A Few Bumps Along

By Lauren Gibbons Paul  |  Posted 2006-04-24 Print this article Print

The Way"> So, Sharp and his colleagues at Engage worked with Siemens to offer its HiPath OpenScape technology as a hosted service. This arrangement was a welcome option for Siemens, according to Tiscareno-Sato, as it got a new venue for selling its telecom technology. Sharp said hosted OpenScape and related business could contribute more than $1 million in incremental revenue to Engage this year by increasing the companys ability to serve customers across new lines of business while supporting the expansion of Engages customer base.

In summer 2005, though it was getting harder and harder to find parts or technicians able to service their phone system, the Flanters said they decided to table the purchase of a new PBX until Engage could get its OpenScape service ready for market. Sharp took the younger Flanter to Siemens to see the OpenScape demo that he said had made such an impression on him.

The elder Flanter said he didnt want to know all the ins and outs of the presence-aware communication. All he knew, he said, was that no Springfield competitor would have a similar system, according to Sharp. And that was good enough for him.

"This system had tremendous capabilities. Whether or not we use specific ones is a lot less important than the system overall," said the elder Flanter. In short, he said he trusted Engage to steer him right.

In July 2005, Engage conducted a pilot of its OpenScape VOIP service for Springfield. Not surprisingly, since this was Engages first client outing with the service, there were some problems.

For example, because of signaling mismatches, the Caller ID function did not initially work properly. That was a problem because the system couldnt tell who was on the other line, so it didnt know what priority to give the call. (Users can set the system so they dont miss calls from key contacts.) Engage personnel had to work extensively with the system and their own technical environment to straighten out the problem, though it still crops up occasionally.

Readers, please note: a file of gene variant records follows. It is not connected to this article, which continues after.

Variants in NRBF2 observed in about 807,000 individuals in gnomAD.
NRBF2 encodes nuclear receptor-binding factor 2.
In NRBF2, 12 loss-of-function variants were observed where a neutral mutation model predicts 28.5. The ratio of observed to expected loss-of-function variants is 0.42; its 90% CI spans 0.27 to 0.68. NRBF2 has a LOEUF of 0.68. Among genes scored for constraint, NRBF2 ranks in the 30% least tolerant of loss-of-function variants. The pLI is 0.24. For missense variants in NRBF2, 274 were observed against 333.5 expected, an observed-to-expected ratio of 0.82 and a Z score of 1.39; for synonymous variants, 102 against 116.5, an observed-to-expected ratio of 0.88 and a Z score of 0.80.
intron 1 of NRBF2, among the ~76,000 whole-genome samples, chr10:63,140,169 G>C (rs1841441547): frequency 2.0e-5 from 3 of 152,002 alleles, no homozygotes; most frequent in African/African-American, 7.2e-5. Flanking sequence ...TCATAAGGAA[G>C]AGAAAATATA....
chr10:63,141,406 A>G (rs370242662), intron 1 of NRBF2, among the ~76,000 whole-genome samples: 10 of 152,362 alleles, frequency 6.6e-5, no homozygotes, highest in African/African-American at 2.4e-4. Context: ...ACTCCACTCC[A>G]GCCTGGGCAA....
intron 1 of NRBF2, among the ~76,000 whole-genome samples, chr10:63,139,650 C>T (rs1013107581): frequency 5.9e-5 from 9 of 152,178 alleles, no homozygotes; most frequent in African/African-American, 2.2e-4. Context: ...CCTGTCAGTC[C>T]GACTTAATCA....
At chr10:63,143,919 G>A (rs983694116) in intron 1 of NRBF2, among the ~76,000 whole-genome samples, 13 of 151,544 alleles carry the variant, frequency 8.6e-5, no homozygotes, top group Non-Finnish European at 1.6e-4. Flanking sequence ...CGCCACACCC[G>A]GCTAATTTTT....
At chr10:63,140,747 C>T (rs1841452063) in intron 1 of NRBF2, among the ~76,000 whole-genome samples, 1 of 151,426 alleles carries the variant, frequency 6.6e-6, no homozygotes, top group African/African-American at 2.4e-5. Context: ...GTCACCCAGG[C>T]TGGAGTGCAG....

"We did not anticipate some of the call flow issues that come up when youre hosting multiple tenants on the same box," said Sharp. At the time, Engage was running its own system along with Springfields.

Technology was not the only issue. Another snafu was the lack of training on the VOIP LED phones. Though the Siemens OptiPoint 420 models look like regular phones, they have an LED display and function differently from conventional phones. Springfield users were a bit stymied by the phones—at least at first.

Springfield cut over to the OpenScape hosted PBX service in December 2005. The Flanters said they expect it will be some time before the users figure out how to exploit the systems full power. But the elder Flanter said he does not have any doubts about taking state-of-the-art VOIP telecom capability into his small company.

"In todays business climate, you have to get outside the box or else that box is going to crumble on you," the elder Flanter said. "When we can use something no one else has, we have the opportunity to pick up some speed. Its a little scary, but you have to go for it now and then."

Lauren Gibbons Paul is a freelance writer based in Waban, Mass. E-mail her at lauren.paul@comcast.net.

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